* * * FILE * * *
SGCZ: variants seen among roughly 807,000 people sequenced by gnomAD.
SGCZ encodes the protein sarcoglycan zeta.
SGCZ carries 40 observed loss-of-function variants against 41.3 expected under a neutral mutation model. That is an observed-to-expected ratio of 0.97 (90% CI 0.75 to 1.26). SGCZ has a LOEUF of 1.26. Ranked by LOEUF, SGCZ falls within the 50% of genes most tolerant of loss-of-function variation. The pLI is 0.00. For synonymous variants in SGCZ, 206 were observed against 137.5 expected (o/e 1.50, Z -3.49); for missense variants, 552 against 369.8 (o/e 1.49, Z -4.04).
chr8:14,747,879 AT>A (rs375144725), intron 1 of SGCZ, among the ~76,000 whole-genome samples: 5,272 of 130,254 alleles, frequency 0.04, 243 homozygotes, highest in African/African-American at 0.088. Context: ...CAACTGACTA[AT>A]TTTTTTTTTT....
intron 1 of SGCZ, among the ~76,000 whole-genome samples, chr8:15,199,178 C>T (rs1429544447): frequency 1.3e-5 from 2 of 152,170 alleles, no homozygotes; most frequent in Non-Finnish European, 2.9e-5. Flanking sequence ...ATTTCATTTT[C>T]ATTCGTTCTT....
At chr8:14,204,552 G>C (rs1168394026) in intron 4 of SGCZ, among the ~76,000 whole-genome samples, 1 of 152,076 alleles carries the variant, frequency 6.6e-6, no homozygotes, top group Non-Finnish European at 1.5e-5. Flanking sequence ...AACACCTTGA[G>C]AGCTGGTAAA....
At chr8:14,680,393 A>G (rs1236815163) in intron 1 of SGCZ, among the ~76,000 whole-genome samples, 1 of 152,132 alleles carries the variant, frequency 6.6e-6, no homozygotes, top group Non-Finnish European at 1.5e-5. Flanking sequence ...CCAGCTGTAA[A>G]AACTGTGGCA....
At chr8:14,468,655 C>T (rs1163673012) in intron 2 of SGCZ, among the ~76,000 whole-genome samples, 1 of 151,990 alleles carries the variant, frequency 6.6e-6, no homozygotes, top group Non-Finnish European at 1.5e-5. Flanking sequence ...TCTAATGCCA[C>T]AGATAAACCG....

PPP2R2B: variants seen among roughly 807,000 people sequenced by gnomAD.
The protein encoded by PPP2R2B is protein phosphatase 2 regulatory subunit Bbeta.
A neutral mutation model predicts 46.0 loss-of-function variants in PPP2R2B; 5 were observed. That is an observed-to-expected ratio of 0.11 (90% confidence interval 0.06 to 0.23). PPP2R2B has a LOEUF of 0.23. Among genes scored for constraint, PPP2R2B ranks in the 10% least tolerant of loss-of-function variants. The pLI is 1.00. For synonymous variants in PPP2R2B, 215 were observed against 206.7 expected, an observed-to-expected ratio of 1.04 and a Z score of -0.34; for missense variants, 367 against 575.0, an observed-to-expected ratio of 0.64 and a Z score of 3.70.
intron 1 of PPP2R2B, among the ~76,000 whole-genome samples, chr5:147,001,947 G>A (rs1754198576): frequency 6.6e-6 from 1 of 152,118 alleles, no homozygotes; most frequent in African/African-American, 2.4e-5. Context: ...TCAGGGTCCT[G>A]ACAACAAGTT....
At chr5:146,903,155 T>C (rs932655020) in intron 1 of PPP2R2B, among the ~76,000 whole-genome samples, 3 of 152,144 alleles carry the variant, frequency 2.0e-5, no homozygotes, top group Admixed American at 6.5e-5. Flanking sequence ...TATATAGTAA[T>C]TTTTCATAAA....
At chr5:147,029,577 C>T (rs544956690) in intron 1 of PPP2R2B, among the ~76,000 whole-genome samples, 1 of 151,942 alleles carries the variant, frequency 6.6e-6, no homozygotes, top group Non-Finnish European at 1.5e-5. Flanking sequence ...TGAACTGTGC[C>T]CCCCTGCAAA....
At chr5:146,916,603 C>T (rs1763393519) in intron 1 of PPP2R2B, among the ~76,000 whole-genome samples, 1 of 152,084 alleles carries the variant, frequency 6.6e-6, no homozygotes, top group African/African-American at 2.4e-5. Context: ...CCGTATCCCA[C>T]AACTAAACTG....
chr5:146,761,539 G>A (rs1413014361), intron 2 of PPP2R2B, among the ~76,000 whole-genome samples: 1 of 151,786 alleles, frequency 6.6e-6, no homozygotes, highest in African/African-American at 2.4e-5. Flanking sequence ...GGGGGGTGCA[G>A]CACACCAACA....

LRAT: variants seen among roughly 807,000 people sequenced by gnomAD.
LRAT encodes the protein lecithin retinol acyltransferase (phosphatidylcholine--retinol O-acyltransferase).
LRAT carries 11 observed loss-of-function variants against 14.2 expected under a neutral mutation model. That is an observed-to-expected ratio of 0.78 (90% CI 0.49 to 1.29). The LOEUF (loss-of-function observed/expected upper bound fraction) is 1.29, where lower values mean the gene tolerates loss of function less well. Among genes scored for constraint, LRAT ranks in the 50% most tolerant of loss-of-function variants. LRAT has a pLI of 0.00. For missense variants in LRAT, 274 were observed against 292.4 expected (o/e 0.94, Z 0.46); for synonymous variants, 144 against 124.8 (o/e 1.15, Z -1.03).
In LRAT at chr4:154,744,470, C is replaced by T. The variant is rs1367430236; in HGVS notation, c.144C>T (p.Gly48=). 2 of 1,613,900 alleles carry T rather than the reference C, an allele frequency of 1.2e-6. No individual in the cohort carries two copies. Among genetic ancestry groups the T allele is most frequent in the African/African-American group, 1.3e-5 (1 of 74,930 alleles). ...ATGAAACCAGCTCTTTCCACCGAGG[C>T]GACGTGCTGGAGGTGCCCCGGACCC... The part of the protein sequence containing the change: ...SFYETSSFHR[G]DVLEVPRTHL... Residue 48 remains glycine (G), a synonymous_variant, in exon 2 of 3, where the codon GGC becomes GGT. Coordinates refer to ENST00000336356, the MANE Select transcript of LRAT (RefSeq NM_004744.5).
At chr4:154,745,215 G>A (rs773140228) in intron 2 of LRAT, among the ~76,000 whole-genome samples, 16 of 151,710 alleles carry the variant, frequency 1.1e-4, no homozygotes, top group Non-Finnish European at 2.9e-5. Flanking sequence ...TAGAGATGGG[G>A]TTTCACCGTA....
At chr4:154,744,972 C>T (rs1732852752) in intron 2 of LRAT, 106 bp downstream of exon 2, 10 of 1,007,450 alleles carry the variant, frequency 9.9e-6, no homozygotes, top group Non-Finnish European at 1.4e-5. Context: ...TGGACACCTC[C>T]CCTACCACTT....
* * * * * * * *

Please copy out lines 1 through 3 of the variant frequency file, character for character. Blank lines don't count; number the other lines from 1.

SGCZ: variants seen among roughly 807,000 people sequenced by gnomAD.
SGCZ encodes the protein sarcoglycan zeta.
SGCZ carries 40 observed loss-of-function variants against 41.3 expected under a neutral mutation model. That is an observed-to-expected ratio of 0.97 (90% CI 0.75 to 1.26). SGCZ has a LOEUF of 1.26. Ranked by LOEUF, SGCZ falls within the 50% of genes most tolerant of loss-of-function variation. The pLI is 0.00. For synonymous variants in SGCZ, 206 were observed against 137.5 expected (o/e 1.50, Z -3.49); for missense variants, 552 against 369.8 (o/e 1.49, Z -4.04).